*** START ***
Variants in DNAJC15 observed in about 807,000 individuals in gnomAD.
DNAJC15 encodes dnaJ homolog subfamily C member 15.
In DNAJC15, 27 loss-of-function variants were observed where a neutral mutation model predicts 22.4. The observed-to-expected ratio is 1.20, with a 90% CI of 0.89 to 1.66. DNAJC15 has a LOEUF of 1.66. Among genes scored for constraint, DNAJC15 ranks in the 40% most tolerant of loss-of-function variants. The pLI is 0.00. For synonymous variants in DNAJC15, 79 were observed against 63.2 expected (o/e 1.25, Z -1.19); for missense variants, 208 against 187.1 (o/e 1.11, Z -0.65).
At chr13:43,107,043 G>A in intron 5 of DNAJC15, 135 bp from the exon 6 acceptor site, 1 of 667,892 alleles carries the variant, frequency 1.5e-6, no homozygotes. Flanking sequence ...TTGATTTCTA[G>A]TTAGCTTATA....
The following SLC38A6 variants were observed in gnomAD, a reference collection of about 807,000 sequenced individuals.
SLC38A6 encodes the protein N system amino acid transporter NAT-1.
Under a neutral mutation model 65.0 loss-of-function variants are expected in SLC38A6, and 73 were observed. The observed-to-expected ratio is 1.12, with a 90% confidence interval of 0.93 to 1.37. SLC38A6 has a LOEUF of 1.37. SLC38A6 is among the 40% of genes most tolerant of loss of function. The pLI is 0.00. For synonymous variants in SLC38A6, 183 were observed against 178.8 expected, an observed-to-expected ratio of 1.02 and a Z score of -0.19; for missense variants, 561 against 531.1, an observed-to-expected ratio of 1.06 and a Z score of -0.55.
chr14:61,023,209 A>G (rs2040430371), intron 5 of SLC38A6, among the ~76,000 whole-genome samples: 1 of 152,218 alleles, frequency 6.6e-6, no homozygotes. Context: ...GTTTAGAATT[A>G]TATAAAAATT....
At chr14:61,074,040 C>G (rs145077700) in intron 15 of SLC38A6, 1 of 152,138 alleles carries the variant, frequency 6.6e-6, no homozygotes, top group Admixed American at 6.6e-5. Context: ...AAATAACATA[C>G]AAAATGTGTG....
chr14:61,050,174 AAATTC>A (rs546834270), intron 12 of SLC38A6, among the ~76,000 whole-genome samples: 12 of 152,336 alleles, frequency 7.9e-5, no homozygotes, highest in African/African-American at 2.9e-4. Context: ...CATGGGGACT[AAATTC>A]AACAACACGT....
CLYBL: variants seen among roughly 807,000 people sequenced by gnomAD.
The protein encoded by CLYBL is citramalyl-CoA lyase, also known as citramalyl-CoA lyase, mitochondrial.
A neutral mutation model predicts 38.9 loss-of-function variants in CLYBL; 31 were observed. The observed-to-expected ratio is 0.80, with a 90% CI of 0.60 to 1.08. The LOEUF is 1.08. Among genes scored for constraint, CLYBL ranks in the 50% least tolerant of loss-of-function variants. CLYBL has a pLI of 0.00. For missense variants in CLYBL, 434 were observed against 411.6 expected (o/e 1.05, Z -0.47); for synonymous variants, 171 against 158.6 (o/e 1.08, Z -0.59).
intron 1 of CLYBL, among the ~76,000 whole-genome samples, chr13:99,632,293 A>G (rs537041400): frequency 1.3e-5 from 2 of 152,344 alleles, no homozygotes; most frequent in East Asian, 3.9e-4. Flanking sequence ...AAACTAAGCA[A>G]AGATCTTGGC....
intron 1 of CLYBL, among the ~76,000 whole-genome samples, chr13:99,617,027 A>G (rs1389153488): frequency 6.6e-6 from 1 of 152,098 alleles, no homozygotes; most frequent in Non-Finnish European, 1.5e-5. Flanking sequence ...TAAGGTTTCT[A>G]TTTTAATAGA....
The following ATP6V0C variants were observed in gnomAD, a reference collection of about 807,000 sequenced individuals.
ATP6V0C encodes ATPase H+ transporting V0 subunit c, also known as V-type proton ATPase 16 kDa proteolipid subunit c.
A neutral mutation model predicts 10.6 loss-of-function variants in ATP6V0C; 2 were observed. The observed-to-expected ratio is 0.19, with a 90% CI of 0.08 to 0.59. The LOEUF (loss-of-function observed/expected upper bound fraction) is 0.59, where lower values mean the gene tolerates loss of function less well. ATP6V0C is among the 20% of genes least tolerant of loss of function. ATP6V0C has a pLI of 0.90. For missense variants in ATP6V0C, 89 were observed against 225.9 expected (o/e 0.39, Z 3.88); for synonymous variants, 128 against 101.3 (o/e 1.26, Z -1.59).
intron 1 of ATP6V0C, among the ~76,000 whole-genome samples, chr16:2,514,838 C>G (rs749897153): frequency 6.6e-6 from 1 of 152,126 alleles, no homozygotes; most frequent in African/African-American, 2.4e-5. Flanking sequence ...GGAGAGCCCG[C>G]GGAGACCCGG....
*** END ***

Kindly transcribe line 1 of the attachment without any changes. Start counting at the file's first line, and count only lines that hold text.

Variants in DNAJC15 observed in about 807,000 individuals in gnomAD.